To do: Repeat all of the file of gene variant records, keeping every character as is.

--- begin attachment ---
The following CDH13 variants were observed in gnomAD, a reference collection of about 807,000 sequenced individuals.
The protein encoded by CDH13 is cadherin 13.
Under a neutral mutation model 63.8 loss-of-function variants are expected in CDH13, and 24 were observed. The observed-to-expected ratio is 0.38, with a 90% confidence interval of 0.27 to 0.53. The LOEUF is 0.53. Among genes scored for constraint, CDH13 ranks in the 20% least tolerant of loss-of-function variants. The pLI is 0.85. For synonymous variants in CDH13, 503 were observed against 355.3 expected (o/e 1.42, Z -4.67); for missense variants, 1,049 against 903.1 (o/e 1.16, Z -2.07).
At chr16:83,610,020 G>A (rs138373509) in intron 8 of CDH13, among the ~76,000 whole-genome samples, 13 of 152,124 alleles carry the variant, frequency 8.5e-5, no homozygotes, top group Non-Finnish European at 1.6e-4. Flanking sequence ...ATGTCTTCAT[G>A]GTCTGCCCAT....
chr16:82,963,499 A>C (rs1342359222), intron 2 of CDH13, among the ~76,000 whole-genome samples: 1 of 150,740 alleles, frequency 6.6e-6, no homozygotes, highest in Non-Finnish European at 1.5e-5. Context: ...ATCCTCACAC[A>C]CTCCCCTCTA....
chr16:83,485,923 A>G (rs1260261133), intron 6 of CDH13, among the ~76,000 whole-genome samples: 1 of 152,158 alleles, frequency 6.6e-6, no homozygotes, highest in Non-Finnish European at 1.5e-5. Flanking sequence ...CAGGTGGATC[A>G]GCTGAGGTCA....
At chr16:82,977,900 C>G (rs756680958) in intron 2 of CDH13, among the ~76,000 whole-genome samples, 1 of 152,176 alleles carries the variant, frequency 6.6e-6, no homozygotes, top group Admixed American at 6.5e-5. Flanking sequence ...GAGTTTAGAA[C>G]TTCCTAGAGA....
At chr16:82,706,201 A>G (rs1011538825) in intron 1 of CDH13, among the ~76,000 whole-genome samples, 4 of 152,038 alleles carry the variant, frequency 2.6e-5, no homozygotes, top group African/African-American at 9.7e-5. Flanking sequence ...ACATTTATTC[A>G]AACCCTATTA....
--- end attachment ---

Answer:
The following CDH13 variants were observed in gnomAD, a reference collection of about 807,000 sequenced individuals.
The protein encoded by CDH13 is cadherin 13.
Under a neutral mutation model 63.8 loss-of-function variants are expected in CDH13, and 24 were observed. The observed-to-expected ratio is 0.38, with a 90% confidence interval of 0.27 to 0.53. The LOEUF is 0.53. Among genes scored for constraint, CDH13 ranks in the 20% least tolerant of loss-of-function variants. The pLI is 0.85. For synonymous variants in CDH13, 503 were observed against 355.3 expected (o/e 1.42, Z -4.67); for missense variants, 1,049 against 903.1 (o/e 1.16, Z -2.07).
At chr16:83,610,020 G>A (rs138373509) in intron 8 of CDH13, among the ~76,000 whole-genome samples, 13 of 152,124 alleles carry the variant, frequency 8.5e-5, no homozygotes, top group Non-Finnish European at 1.6e-4. Flanking sequence ...ATGTCTTCAT[G>A]GTCTGCCCAT....
chr16:82,963,499 A>C (rs1342359222), intron 2 of CDH13, among the ~76,000 whole-genome samples: 1 of 150,740 alleles, frequency 6.6e-6, no homozygotes, highest in Non-Finnish European at 1.5e-5. Context: ...ATCCTCACAC[A>C]CTCCCCTCTA....
chr16:83,485,923 A>G (rs1260261133), intron 6 of CDH13, among the ~76,000 whole-genome samples: 1 of 152,158 alleles, frequency 6.6e-6, no homozygotes, highest in Non-Finnish European at 1.5e-5. Flanking sequence ...CAGGTGGATC[A>G]GCTGAGGTCA....
At chr16:82,977,900 C>G (rs756680958) in intron 2 of CDH13, among the ~76,000 whole-genome samples, 1 of 152,176 alleles carries the variant, frequency 6.6e-6, no homozygotes, top group Admixed American at 6.5e-5. Flanking sequence ...GAGTTTAGAA[C>G]TTCCTAGAGA....
At chr16:82,706,201 A>G (rs1011538825) in intron 1 of CDH13, among the ~76,000 whole-genome samples, 4 of 152,038 alleles carry the variant, frequency 2.6e-5, no homozygotes, top group African/African-American at 9.7e-5. Flanking sequence ...ACATTTATTC[A>G]AACCCTATTA....